Avoiding Tax Penalties

The IRS wants you to know about penalties if you don’t file your 2009  tax return by April 15, 2010.  The government website’s newsroom offers the following advice:

There are two different penalties you potentially face: a failure to file and a failure to pay penalty.  The failure to file penalty is applied when you do not file by April 15 (and have not applied for an extension). You face a failure to pay penalty if you do not pay the taxes you owe by the tax filing deadline.  Since the failure to file fines are usually larger than the failure to pay penalty, it is always best to file a tax return and negotiate a payment option plan rather than failing to file on time.  Late filing penalties are usually 5 percent of unpaid taxes for every month or part of the month (up to 25 percent of your entire tax liability) that the return is delayed in filing.  If you file a return more than 60 days after the due (or extended due) date, you will be fined the smaller of $135 or 100 percent of the taxes you owe.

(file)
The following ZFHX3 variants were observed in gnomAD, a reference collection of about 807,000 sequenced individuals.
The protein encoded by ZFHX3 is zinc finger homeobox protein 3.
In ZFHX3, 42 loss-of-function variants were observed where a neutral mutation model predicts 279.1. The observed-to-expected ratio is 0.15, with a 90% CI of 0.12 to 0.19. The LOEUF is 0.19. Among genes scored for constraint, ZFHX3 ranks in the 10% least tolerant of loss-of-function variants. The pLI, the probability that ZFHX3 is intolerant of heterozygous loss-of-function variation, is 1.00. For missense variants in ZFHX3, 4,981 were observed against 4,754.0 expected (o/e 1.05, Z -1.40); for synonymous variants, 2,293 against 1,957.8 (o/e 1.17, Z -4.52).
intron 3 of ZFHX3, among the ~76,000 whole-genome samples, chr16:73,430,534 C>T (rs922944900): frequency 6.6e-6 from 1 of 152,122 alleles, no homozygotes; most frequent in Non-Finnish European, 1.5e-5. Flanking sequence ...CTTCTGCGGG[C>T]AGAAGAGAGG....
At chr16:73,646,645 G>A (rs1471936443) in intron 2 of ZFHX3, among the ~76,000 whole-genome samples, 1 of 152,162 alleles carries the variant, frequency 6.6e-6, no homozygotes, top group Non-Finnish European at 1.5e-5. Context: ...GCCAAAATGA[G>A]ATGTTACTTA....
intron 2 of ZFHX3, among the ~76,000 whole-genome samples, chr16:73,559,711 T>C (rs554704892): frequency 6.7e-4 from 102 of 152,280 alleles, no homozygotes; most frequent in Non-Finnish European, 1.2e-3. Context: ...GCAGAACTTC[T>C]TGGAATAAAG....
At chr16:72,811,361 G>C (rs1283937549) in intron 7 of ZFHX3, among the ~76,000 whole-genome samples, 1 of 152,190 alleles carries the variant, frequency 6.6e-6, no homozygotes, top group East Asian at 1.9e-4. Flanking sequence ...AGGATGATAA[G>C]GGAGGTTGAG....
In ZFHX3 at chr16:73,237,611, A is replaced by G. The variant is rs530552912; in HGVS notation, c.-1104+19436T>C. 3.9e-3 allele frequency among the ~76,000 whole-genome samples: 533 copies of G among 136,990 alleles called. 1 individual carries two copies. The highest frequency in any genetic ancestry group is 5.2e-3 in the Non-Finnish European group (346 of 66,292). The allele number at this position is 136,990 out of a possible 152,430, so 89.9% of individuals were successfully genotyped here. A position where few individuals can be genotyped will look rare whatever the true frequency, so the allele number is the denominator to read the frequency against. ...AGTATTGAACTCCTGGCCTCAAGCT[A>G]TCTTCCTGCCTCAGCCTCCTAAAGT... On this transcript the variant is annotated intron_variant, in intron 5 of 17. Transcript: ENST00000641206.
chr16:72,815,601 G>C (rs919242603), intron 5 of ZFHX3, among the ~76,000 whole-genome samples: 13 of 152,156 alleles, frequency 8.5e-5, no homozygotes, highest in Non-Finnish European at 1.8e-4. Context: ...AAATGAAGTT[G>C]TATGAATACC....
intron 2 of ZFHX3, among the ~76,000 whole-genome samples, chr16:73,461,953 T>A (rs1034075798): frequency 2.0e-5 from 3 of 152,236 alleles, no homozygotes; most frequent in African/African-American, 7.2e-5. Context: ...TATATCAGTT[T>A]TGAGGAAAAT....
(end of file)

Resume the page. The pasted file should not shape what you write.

You will have to pay a failure to pay penalty of 1/2 of 1 percent of the amount of taxes you owe (up to 25 percent) for each month beyond the date the taxes are due. If you file an extension and pay at least 90 percent of your tax liability by the filing deadline, you can avoid a failure to pay penalty by completing the filing and payments by the extended due date.  You will not have to pay a failure to file or a failure to pay penalty if you can prove that your delayed filing or payment was not willful neglect but had reasonable cause.   More information about avoiding penalties is available at the IRS government website, www.irs.gov.

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Phillip Schein, EA

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Phillip Schein, EA

I am a freelance writer with an extensive background in small business software systems. I can help you write, publish, and market your content quickly and efficiently using software integration.

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